2. He’s trying to get training by the Department of Justice on unconscious bias.
    2. What is the range of disciplinary action he takes?
      1. Levels of discipline range from re-instruction, verbal counseling (they go over policy), a written reprimand that goes in their file, suspension, or termination (Wingert has terminated 6 people).
    3. Is there an appeal process if you don’t agree with the outcome of a complaint?
      1. Yes – you can appeal to the city manager and the Human Rights Commission. Then the City, Legal and the Chief discuss (so, still an internal process).

 

We discussed the specific changes we’d like to see with the complaint process. One attendee started by sharing her experience filing an official complaint with the Office of Professional Standards and how she felt like she was on trial and treated unprofessionally.

 

These were the changes we proposed:

 

  • All complaints are formal.
  • Official complaint form available online and follow up by the Office of Professional Standrads within 48 hours.
  • All complaints are given a case number.
  • Consistent timelines for investigation – 30 day response time.
  • Person filing complaint is allowed a citizen advocate or person of their choosing to be with them throughout whole process, including interview process.
  • Transparency of the investigation – progress is shared to the citizen.
  • Each citizen is given notice of how you can appeal and given information about the Iowa Civil Rights Commission.
  • Statistics of complaints – how many filed, demographics of who’s filing and outcomes of the complaint.

 

Takeaways:

 

  • Wingert said because of Rosa Ruiz and her experience with the complaint process they started giving everyone who files a complaint a card with the investigator’s number and their case number on it.
  • Officers are required to carry business cards. Currently, they don’t have their names on it. They have to fill that in. It could change to where they’ll get individual business cards. They are required to give it to you if you ask.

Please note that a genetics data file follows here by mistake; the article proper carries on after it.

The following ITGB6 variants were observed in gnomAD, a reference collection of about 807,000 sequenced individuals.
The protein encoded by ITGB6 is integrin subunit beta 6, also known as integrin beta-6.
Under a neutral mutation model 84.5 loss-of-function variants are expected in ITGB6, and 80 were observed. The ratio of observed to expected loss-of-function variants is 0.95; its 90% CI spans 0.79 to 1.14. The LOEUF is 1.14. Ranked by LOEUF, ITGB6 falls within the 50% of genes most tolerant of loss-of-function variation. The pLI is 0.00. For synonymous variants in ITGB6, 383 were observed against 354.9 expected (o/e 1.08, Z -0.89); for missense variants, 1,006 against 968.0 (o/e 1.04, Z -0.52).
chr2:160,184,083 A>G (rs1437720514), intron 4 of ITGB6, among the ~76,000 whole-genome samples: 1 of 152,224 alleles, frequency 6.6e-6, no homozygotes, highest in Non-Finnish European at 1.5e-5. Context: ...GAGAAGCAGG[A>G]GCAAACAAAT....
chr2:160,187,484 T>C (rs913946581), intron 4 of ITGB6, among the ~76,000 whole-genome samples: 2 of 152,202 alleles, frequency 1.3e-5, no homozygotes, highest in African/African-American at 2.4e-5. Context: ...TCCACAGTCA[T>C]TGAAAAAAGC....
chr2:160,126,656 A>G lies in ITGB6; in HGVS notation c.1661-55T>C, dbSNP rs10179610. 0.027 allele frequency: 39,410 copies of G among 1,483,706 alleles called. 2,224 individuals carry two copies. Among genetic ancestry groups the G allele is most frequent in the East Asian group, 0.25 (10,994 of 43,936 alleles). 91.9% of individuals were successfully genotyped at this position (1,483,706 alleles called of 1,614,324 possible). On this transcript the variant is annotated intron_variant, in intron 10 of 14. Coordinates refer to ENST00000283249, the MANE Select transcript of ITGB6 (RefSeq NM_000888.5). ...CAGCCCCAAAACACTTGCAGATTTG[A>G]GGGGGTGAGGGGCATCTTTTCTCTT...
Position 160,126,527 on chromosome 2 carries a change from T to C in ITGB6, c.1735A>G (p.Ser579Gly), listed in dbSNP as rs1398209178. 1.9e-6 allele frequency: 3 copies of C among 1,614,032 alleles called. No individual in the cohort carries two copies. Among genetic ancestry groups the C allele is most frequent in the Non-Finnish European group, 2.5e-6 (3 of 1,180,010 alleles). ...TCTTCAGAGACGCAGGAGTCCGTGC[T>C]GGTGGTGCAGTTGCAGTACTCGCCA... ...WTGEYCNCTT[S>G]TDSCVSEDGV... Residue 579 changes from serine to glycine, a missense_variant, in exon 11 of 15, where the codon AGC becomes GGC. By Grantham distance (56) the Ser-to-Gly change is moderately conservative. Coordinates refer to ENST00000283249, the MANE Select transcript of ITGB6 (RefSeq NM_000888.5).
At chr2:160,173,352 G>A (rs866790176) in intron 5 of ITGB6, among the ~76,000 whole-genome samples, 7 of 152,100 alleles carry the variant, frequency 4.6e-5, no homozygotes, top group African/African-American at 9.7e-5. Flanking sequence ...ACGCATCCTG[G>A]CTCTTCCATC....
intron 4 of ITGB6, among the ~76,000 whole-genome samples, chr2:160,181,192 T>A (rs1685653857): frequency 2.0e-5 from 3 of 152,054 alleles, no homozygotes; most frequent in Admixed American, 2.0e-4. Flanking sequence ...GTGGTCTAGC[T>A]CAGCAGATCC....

• Body cameras – Wingert says it’s coming but the main issue is public privacy and who has access to it. He’s working with the ACLU and Bruce Hunter on legislation that takes into account the privacy concerns.
  • Police car cameras – they run when the lights are on but there is a failsafe system so it’s almost always recording.
  • Racial profiling policy – DMPD does have one and Wingert had a hand in drafting it.

 

We closed the meeting asking what he thought about a citizen review board and asked him to note that we think it’s important to have one in Des Moines. We will keep working on making that happen. We also asked him to examine the proposed complaint process changes.

 

We will keep you posted!

 

Join the Fight

  • Contact us for more information. !Hablamos español!
  • Join as an Iowa CCI member
  • Sign up for our email Action List

Alicia Garza came to Des Moines to talk about the movement to end anti-black racism and to achieve racial justice: #blacklivesmatter. She captured the room’s attention with profoundly engaging and necessary words. 

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 “Race in this country was constructed on black bodies. We have to understand the roots of anti-blackness in all of our communities. It’s even in our language. When we say black-list what do we mean? It is in our country’s DNA.

The work that we do together has to be courageous enough to dismantle that. It’s about changing laws, structures, and the ways in which we relate to each other.

Every social movement in this country was built by regular, everyday people. All of our humanity is at stake if we are not successful, and I mean that from the bottom of my heart.”

The Des Moines Register covered the event beautifully.

There is a growing #blacklivesmatter movement in Iowa – join us:

  • Monthly racial justice meetings – CCI members meet monthly to dig in on our campaign to stop racial profiling in Des Moines and in Iowa.
  • Economic and racial justice depend on each other. Fight for $15 campaign – we’re working for a $15/hr. minimum wage. One way that’s happening? Fast Food Fridays!
    • Every second and fourth Friday of the month, we take action outside of a local fast food restaurant calling for $15/hr.
  • Alicia’s coming back – join us October 2-3 for our 40th annual convention. Register here!

 Keep an eye out for details on how you can join us and take action for a better Iowa. 

 

Join the Fight

  • Contact us for more information. !Hablamos español!
  • Join as an Iowa CCI member
  • Sign up for our email Action List